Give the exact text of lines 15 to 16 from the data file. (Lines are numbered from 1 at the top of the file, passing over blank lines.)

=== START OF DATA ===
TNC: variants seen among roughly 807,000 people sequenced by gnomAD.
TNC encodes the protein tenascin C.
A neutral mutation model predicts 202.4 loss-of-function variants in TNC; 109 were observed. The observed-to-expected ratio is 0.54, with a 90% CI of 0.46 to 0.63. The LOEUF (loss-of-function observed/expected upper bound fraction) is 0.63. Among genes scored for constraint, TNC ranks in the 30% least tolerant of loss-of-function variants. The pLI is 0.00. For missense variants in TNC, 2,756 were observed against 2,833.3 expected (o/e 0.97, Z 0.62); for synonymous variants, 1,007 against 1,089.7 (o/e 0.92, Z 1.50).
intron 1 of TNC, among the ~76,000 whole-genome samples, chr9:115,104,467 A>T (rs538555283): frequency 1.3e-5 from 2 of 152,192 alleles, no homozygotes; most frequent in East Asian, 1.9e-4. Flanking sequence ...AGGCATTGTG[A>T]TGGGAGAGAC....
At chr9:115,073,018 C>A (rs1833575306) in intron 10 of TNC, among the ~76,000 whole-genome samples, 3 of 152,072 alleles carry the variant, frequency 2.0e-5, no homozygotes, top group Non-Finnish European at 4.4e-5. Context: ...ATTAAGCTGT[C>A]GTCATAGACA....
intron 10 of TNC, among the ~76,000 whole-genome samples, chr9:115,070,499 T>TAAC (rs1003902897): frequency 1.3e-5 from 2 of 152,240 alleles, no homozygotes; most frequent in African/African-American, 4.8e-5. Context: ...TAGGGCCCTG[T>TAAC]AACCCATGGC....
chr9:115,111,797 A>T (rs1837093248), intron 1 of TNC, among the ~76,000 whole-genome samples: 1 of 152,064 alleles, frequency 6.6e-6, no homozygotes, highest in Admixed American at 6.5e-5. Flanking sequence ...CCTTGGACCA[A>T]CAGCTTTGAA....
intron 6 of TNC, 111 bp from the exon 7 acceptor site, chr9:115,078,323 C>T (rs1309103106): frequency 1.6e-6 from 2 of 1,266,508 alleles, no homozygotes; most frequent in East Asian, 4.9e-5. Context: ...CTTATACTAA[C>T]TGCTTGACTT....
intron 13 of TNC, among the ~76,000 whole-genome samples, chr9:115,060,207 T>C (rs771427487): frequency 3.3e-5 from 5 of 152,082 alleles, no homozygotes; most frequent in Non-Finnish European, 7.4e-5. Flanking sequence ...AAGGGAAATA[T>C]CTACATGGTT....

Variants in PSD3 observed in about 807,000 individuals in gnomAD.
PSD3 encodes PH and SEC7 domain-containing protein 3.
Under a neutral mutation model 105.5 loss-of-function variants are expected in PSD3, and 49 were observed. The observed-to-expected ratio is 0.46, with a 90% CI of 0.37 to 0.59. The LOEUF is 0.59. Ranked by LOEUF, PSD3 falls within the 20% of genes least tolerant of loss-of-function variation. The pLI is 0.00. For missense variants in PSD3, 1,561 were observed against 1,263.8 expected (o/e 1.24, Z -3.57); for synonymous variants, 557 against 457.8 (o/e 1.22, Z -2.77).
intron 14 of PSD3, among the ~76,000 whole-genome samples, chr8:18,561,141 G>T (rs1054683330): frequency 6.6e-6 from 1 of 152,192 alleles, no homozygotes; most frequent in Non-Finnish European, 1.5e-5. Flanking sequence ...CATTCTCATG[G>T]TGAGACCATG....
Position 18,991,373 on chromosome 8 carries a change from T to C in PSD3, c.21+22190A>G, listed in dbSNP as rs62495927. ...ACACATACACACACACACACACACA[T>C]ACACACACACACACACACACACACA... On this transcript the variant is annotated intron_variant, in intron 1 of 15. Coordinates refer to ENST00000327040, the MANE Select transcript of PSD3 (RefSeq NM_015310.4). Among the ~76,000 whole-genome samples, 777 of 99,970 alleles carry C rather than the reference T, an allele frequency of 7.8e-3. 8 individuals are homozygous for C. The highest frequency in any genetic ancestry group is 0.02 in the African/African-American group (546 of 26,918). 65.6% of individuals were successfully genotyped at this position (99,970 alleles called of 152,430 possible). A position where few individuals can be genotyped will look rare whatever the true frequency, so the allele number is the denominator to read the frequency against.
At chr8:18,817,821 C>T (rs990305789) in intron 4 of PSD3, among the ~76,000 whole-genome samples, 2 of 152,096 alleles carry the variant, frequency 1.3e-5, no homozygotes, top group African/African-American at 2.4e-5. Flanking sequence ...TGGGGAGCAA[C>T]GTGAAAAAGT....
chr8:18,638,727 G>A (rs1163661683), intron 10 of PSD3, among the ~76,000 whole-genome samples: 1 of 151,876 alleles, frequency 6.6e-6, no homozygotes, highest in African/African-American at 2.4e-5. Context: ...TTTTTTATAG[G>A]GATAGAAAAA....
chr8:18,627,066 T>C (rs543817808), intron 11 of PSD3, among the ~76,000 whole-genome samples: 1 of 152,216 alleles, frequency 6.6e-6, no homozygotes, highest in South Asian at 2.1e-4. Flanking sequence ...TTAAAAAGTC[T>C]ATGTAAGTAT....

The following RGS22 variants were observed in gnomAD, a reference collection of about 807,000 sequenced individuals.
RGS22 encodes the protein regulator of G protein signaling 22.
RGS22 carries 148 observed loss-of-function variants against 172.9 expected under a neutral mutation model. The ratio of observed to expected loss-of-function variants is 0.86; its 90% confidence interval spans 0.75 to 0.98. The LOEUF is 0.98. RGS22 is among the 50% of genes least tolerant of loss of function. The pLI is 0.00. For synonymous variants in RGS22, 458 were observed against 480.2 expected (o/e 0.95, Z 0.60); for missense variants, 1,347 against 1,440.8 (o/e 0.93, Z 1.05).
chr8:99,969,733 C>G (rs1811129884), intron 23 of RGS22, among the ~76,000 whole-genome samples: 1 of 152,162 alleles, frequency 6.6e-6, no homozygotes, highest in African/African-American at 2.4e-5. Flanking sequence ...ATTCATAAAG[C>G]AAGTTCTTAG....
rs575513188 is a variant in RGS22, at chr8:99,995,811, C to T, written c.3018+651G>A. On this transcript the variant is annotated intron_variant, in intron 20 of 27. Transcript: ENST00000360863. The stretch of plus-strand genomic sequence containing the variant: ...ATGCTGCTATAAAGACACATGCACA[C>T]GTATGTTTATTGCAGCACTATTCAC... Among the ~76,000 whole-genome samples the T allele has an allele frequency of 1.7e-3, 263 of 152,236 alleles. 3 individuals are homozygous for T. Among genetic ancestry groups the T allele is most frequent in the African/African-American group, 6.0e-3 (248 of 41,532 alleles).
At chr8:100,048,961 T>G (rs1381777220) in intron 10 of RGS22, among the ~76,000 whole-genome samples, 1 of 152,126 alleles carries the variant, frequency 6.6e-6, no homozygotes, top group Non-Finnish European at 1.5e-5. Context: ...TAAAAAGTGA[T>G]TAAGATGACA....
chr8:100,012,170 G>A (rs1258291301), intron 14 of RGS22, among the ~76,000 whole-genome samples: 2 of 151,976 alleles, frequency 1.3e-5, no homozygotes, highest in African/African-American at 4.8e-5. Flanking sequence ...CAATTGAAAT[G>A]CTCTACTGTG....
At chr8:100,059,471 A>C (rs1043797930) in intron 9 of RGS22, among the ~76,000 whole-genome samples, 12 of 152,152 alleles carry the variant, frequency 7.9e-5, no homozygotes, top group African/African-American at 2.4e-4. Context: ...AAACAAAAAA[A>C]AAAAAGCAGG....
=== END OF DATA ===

At chr8:18,817,821 C>T (rs990305789) in intron 4 of PSD3, among the ~76,000 whole-genome samples, 2 of 152,096 alleles carry the variant, frequency 1.3e-5, no homozygotes, top group African/African-American at 2.4e-5. Flanking sequence ...TGGGGAGCAA[C>T]GTGAAAAAGT....
chr8:18,638,727 G>A (rs1163661683), intron 10 of PSD3, among the ~76,000 whole-genome samples: 1 of 151,876 alleles, frequency 6.6e-6, no homozygotes, highest in African/African-American at 2.4e-5. Context: ...TTTTTTATAG[G>A]GATAGAAAAA....